Sturgess.”I’ll help” – Neal Wallace:
Tom Sturgess, one of New Zealand’s richest men and largest farmers, is willing to be involved in making the red meat industry more profitable.
A career that includes running several diverse multi-billion-dollar companies including United States meat packing houses has given Sturgess some clear thoughts and ideas on how to revitalise the meat industry, even though some of those solutions could be considered unconventional.
Sturgess volunteered his help in an FWplus interview, saying he would happily be involved to find ways to improve sector profitability if he was wanted. . .
Shear warmth: former hairdresser’s dream become reality :From being a city hairdresser in New Plymouth making small talk with clients to living in the remote central North Island where the closest neighbour is eight kilometres down a winding, gravel road, Monique Neeson has been through a few changes.
You can also add to that the launch of a company selling woollen blankets that are, as she describes them, born, grown, woven and handmade in New Zealand.
Neeson laughs at her transformation.
“I can remember the first time I came to this farm, winding down the road for absolutely ages, and I told Tim, [now her husband], I’d never negotiate the road again.” . .
Don’t fight system farmers told – Alan Williams:
Farming within water quality limits is now a reality that all farmers will need to adapt to, Canterbury farmers have been told.
The process of setting quality limits and the farming changes required to meet them would be challenging and take time for everyone to get there, Environment Canterbury (ECAN) commissioner David Bedford told the Future of the Heartland farm forum at Conway Flats in North Canterbury today.
Some nutrient management tools had limitations and were still being developed and ECAN compliance activities would take that into account, he said in a speech on behalf of head commissioner Dame Margaret Bazley. . .
Industry body DairyNZ says bank balances for most dairy farmers will be heading south this winter and spring, producing some short-term but significant cashflow management challenges for farmers.
DairyNZ chief executive Tim Mackle says 2015-16 will still probably end up being a breakeven year for most farmers but cashflow will be a major issue that could result in some increased term debt in the sector and less spending in the regions.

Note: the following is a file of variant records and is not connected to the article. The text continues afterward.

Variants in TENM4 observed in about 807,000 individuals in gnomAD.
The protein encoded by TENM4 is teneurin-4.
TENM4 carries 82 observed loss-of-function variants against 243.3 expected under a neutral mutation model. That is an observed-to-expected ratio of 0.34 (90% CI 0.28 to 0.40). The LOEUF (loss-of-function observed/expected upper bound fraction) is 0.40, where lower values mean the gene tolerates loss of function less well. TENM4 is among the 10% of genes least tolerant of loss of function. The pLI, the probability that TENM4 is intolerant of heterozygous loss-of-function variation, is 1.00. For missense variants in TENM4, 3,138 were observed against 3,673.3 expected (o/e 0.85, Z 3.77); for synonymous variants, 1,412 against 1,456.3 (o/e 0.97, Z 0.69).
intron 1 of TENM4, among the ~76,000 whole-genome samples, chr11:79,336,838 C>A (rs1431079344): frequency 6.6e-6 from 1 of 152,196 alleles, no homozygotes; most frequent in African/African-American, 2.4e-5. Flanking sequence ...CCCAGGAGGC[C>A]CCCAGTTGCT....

“Farmers are used to having seasonal cashflow that drops into the red but then pops back into the black at some stage during the summer period. However, our current forecasts indicate that many farmers won’t be in credit for the entire 12 months of next season unless costs are reduced, income is higher than predicted or some of their overdraft is put into their term debt.” . . .
24 ways to to survive next drought – Nadene Hall:
Ask a group of farmers with over 500 years’ experience between them how to manage a property before, during and after a drought, and you get a lot of practical tips and wisdom. AgResearch asked 20 South Canterbury farmers about their strategies for successfully managing their properties after a drought.
All the farmers had experienced severe droughts over the previous 20-30 years of farming. What worked best on an individual property depended on things like its climate and soil type, and what was being farmed, but the scientists concluded these are the key areas to look at: . .
Search on for cotton workers – Andrew Marshall:
AUSTRALIA’S rural skills shortage is not just a problem troubling individual farms or regional machinery businesses – the cotton industry fears the profitability of the entire cropping sector is eroding.
The combined impact of new farm technology growth and a shortage of rural recruits with skills ranging from information technology and accounting, to engineering and agronomy, is stressing broadacre agriculture’s efficiency and productivity.
Corporate farms and big agribusinesses are frequently resorting to ‘cherry picking’ the talent they need from other players or other sectors of the industry, even if it means taking agronomists and turning them into bankers. . .